The future relationship document is less than seven pages long. It says the U.K. and EU are seeking a free-trade area with cooperation on customs and rules: “Comprehensive arrangements creating a free trade area combining deep regulatory and customs cooperation, underpinned by provisions ensuring a level playing field for open and fair competition.”

The wording might raise concerns among Brexiters who don’t want regulatory cooperation and the measures on fair competition could amount to shackling the U.K. to EU rules.

As Bloomberg’s Emma Ross-Thomas writes, “There’s a clear sense in the documents that we’re heading for a customs union in all but name. Firstly via the Irish backstop, and then via the future relationship.”

Separately, a government summary of the draft agreement suggests role for parliament in deciding whether to extend the transition or to move in to the backstop.

But perhaps most importantly, regarding the controversial issue of the Irish border, the future relationship document says both sides aim to replace the so-called backstop – the thorniest issue in the negotiations – with a “subsequent agreement that establishes alternative arrangements for ensuring the absence of a hard border on the island of Ireland on a permanent footing.”

On this topic, recall that the U.K.’s fear was of being locked into the backstop arrangement indefinitely in the absence of a broader trade deal. The draft agreement includes a review process to try to give reassurance that the backstop would never be needed. Basically, the U.K. could choose to seek an extension to the transition period – where rules stay the same as they are currently – or opt to trigger the backstop conditions. In fact, as Bloomberg notes, the word “backstop,” which has been a sticking point over the Irish border for weeks, is mentioned only once in the text.

As Bloomberg further adds, the withdrawal agreement makes clear that the U.K. will remain in a single customs area with the EU until there’s a solution reached on the Irish border. It’s what Brexiteers hate, because it makes it more difficult for the U.K. to sign its own free-trade deals, which they regard as a key prize of Brexit.

Predictably, EU Commission President Juncker said decisive progress has been made in negotiations.

Meanwhile, as analysts comb over the documents, Jacob Rees-Mogg, chairman of the European Research Group, has already written to Conservative lawmakers urging them to vote against the deal. He says:

  • May is handing over money for “little or nothing in return”
  • The agreement treats Northern Ireland differently from the rest of the U.K.
  • It will “lock” the U.K. into a customs union with the EU
  • It breaks the Tory election manifesto of 2017

The full document…

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4 resignations and counting: May’s government ‘falling apart before our eyes’ over Brexit deal

The beginning of the end for Theresa May’s government.

The Duran

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Via RT


Four high profile resignations have followed on the heels of Theresa May’s announcement that her cabinet has settled on a Brexit deal, with Labour claiming that the Conservative government is at risk of completely dissolving.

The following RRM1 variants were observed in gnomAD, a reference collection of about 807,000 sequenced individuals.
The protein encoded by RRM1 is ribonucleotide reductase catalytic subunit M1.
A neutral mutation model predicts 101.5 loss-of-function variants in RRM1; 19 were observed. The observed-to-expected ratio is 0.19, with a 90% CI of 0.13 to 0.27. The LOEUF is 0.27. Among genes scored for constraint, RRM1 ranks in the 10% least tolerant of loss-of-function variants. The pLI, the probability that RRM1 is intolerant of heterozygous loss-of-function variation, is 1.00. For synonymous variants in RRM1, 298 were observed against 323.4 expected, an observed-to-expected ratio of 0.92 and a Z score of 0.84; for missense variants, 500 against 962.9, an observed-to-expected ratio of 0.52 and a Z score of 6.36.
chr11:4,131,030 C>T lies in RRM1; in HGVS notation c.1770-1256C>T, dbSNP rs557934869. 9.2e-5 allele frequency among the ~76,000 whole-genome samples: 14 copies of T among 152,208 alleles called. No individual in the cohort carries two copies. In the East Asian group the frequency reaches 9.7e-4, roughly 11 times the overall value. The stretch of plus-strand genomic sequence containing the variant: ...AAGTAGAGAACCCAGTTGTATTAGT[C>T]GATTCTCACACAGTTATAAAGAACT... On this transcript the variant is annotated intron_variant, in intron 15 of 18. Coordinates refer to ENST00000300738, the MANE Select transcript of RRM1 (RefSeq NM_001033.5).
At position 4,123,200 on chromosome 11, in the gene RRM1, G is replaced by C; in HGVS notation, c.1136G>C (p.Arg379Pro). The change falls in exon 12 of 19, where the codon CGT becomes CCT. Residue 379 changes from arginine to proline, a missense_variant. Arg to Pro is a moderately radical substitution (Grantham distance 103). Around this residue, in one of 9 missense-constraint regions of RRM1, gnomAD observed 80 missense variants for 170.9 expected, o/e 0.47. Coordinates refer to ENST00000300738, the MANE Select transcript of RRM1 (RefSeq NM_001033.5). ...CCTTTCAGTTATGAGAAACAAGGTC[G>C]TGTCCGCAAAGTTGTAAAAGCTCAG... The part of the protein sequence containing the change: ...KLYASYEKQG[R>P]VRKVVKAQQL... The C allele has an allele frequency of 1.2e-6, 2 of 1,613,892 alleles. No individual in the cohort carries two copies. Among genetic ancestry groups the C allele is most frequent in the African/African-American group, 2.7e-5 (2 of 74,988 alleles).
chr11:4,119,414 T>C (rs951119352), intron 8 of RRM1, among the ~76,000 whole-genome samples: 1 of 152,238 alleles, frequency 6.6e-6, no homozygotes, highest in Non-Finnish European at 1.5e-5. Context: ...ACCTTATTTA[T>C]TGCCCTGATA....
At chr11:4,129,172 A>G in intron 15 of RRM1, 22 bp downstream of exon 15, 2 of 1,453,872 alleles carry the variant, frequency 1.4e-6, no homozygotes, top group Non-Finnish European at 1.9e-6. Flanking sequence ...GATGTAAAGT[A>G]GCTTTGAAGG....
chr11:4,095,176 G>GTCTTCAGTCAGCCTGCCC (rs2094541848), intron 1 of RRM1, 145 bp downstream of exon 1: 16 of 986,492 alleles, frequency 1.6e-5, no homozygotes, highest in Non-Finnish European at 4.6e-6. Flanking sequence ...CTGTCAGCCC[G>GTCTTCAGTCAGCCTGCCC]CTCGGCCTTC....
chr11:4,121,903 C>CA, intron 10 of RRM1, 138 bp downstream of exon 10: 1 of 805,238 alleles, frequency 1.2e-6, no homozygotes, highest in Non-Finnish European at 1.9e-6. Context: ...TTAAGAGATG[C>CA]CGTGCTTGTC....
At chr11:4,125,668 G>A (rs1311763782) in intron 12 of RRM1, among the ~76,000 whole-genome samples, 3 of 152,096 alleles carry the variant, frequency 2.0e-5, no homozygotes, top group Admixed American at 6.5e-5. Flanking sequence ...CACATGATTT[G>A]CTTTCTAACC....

Shailesh Vara, the Minister of State at the Northern Ireland Office was the first top official to resign after the prime minister announced that her cabinet had reached a draft EU withdrawal agreement.

An hour after his announcement, Brexit Secretary Dominic Raab – the man charged with negotiating and finalizing the deal – said he was stepping down, stating that the Brexit deal in its current form suffers from deep flaws. Esther McVey, Secretary of State for Work and Pensions, submitted her letter of resignation shortly afterwards. More resignations have followed.

Labour’s shadow Cabinet Office minister, Jon Trickett, predicted that this is the beginning of the end for May’s government.

The government is falling apart before our eyes as for a second time the Brexit secretary has refused to back the prime minister’s Brexit plan. This so-called deal has unraveled before our eyes

Shailesh Vara: UK to be stuck in ‘a half-way house with no time limit’

Kicking off Thursday’s string of resignations, Vara didn’t mince words when describing his reservations about the cabinet-stamped Brexit deal.

Theresa May’s EU withdrawal agreement leaves the UK in a “halfway house with no time limit on when we will finally become a sovereign nation,” his letter of resignation states. Vara went on to warn that the draft agreement leaves a number of critical issues undecided, predicting that it “will take years to conclude” a trade deal with the bloc.

“We will be locked in a customs arrangement indefinitely, bound by rules determined by the EU over which we have no say,” he added.

Dominic Raab: Deal can’t be ‘reconciled’ with promises made to public

Announcing his resignation on Thursday morning, Brexit Secretary Dominic Raab tweeted: “I cannot in good conscience support the terms proposed for our deal with the EU.”

Raab claimed that the deal in its current form gives the EU veto power over the UK’s ability to annul the deal.

No democratic nation has ever signed up to be bound by such an extensive regime.

Former Conservative Party leader Iain Duncan Smith said that Raab’s resignation as Brexit secretary is “devastating” for May.

“It sounds like he has been ignored,” he told the BBC.

Raab’s departure will undoubtedly encourage other Brexit supporters to question the deal, political commentators have observed.

Esther McVey: Deal ‘does not honor’ Brexit referendum

Work and Pensions Secretary Esther McVey didn’t hold back when issuing her own letter of resignation. According to McVey, the deal “does not honour” the result of the Brexit referendum, in which a majority of Brits voted to leave the European Union.

Suella Braverman: ‘Unable to sincerely support’ deal

Suella Braverman, a junior minister in Britain’s Brexit ministry, issued her resignation on Thursday, saying that she couldn’t stomach the deal.

“I now find myself unable to sincerely support the deal agreed yesterday by cabinet,” she said in a letter posted on Twitter.

Suella Braverman, MP Parliamentary Under Secretary of State for the Department for Exiting the EU © Global Look Press / Joel Goodman
Braverman said that the deal is not what the British people voted for, and threatened to tear the country apart.

“It prevents an unequivocal exit from a customs union with the EU,” she said.